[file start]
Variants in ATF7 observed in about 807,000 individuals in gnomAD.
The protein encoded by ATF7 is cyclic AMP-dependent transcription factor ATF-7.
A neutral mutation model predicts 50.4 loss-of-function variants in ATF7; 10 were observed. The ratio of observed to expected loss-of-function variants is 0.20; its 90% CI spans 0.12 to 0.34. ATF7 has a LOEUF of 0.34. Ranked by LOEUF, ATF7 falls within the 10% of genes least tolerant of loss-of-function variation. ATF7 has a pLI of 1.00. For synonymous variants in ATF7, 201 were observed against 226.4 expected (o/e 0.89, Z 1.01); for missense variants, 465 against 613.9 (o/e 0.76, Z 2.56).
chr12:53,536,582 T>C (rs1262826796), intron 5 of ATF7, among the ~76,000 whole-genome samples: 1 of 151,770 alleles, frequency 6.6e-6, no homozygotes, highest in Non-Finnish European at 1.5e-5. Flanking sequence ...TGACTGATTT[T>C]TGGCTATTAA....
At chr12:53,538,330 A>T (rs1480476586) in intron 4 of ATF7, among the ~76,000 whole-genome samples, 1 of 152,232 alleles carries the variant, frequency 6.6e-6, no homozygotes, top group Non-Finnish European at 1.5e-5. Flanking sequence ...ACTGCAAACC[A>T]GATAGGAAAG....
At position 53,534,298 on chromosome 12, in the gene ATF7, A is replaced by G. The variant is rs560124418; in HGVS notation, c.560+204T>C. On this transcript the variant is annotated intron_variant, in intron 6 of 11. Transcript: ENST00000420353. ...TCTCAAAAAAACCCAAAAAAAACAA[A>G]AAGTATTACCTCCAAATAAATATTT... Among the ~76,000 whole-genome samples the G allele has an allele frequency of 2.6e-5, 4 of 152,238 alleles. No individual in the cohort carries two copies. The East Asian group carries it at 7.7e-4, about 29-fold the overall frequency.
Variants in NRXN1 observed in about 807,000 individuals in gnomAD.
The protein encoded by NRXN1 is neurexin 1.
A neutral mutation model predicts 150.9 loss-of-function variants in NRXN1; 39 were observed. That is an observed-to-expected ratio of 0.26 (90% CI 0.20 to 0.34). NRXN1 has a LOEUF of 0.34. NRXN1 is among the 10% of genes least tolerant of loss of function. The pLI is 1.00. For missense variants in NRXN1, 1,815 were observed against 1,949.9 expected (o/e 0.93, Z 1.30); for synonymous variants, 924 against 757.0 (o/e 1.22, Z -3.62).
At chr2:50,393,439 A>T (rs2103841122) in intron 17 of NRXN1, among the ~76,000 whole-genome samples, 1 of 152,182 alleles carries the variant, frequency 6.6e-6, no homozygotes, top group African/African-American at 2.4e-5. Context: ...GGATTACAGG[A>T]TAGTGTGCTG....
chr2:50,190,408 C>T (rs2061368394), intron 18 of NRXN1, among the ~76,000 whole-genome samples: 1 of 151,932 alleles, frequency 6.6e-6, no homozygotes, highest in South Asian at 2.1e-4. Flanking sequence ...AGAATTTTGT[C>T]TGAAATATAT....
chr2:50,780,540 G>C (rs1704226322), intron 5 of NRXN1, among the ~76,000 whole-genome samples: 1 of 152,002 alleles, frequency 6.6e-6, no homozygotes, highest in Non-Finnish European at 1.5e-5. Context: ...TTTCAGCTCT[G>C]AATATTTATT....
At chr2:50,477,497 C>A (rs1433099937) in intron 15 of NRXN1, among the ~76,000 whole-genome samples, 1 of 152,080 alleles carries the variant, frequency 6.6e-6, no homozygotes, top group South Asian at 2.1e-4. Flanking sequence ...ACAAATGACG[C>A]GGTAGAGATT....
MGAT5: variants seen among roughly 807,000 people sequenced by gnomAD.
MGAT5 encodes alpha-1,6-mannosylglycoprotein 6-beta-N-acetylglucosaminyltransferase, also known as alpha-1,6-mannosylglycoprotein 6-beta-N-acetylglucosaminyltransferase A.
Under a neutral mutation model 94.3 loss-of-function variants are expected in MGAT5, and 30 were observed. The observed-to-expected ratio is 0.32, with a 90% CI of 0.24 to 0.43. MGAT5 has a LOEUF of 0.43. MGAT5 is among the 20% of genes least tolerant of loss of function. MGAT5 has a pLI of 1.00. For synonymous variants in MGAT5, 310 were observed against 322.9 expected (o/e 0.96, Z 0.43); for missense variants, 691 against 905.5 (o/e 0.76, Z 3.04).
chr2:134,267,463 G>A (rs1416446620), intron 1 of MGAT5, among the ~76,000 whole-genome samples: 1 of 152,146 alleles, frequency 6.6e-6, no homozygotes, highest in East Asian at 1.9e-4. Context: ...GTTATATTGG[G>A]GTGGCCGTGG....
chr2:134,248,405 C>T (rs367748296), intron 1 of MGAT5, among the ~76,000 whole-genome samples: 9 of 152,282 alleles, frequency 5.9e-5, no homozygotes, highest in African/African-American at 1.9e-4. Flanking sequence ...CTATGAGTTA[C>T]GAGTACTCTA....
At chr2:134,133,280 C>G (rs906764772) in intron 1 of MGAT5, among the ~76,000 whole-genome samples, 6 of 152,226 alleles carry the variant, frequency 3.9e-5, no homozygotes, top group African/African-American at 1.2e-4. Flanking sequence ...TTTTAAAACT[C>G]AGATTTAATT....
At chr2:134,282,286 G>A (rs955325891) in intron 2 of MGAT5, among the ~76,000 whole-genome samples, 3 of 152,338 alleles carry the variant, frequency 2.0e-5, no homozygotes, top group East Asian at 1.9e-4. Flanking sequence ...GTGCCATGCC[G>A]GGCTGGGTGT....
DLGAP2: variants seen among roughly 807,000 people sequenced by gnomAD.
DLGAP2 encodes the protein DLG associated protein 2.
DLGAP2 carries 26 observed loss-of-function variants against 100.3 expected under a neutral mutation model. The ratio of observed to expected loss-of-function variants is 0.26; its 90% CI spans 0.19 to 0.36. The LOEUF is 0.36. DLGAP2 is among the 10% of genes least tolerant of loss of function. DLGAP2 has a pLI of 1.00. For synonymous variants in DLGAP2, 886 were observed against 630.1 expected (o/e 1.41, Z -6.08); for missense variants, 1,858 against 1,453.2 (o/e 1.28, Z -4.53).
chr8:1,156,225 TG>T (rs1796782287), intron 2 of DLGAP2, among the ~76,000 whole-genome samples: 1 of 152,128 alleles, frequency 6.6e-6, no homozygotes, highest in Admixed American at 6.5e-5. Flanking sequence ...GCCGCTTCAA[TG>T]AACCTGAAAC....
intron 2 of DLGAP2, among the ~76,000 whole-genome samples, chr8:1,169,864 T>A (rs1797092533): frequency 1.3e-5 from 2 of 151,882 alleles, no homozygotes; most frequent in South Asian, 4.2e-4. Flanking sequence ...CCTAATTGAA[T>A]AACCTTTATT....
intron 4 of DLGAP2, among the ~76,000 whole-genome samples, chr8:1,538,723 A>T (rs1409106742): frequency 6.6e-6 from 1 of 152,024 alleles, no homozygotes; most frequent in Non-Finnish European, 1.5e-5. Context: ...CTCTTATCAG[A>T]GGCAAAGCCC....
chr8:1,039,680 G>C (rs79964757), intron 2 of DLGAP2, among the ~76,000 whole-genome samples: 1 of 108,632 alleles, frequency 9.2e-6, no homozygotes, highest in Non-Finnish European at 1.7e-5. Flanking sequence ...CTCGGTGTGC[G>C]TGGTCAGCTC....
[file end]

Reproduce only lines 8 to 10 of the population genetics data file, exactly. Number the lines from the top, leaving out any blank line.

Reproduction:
The protein encoded by NRXN1 is neurexin 1.
A neutral mutation model predicts 150.9 loss-of-function variants in NRXN1; 39 were observed. That is an observed-to-expected ratio of 0.26 (90% CI 0.20 to 0.34). NRXN1 has a LOEUF of 0.34. NRXN1 is among the 10% of genes least tolerant of loss of function. The pLI is 1.00. For missense variants in NRXN1, 1,815 were observed against 1,949.9 expected (o/e 0.93, Z 1.30); for synonymous variants, 924 against 757.0 (o/e 1.22, Z -3.62).
At chr2:50,393,439 A>T (rs2103841122) in intron 17 of NRXN1, among the ~76,000 whole-genome samples, 1 of 152,182 alleles carries the variant, frequency 6.6e-6, no homozygotes, top group African/African-American at 2.4e-5. Context: ...GGATTACAGG[A>T]TAGTGTGCTG....